Avoir beau

Avoir beau - to do in vain
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Vain French Expression

Meaning to do in vain, whatever one does
Literally to have beautiful
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Pronunciation [ah vwahr bo]
IPA   [a vwaʁ bo]

Usage notes: The French phrase avoir beau might seem odd, as it uses avoir (to have) plus an action verb in the infinitive, but this is the most common way to express doing something in vain in French.

Par exemple…

J’ai beau dire la vérité, personne ne me croit.   I’m telling the truth, but in vain: no one believes me.
Elle a beau protester, le contrat va être annulé.   No matter how much she protests, the contract is going to be cancelled.

Avoir beau is often used to make general statements of impotence, with the indefinite pronoun on:

On a beau essayer, on ne peut pas le faire.   Try as we might / No matter how much we try, we can’t do it.
On a beau résister, la construction continue.   However much we resist, the construction (nonetheless) continues.

 Note that the main verb is always an infinitive, not a past participle; the latter would create a phrase with the passé composé modified inexplicably by beau.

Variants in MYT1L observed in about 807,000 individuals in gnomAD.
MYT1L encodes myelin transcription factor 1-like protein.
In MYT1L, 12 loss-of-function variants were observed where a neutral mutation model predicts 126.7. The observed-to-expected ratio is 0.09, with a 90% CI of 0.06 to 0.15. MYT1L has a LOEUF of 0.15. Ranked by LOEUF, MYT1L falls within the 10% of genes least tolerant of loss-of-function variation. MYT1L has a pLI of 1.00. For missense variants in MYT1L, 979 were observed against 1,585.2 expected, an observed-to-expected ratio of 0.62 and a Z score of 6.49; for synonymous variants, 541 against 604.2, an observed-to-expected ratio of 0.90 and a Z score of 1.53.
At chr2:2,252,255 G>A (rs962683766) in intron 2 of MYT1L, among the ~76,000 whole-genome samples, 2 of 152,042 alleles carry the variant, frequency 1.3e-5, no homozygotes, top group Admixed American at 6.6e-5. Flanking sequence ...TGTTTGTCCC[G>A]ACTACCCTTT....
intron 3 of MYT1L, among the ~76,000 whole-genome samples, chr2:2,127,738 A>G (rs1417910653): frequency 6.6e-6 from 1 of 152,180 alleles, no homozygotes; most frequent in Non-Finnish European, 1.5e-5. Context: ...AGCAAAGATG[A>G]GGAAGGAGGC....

Also remember that because the infinitive and past participle of -er verbs sound the same, you might be tempted to consider some of the above examples as past actions, but they’re not: avoir is in the present, which means the vain acts are too. To talk about a vain attempt in the past, avoir itself needs to be conjugated into the passé composé:

J’ai eu beau chercher une jolie girouette, elles sont trop chères.   I looked in vain for a nice weather vane, but they’re too expensive.
Elle a eu beau protester, le contrat a été annulé.   No matter how much she protested, the contract was (nonetheless) cancelled.


  • faire en vain
  • faire inutilement

 Related lessons

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J'ai eu beau chercher - I looked in vain

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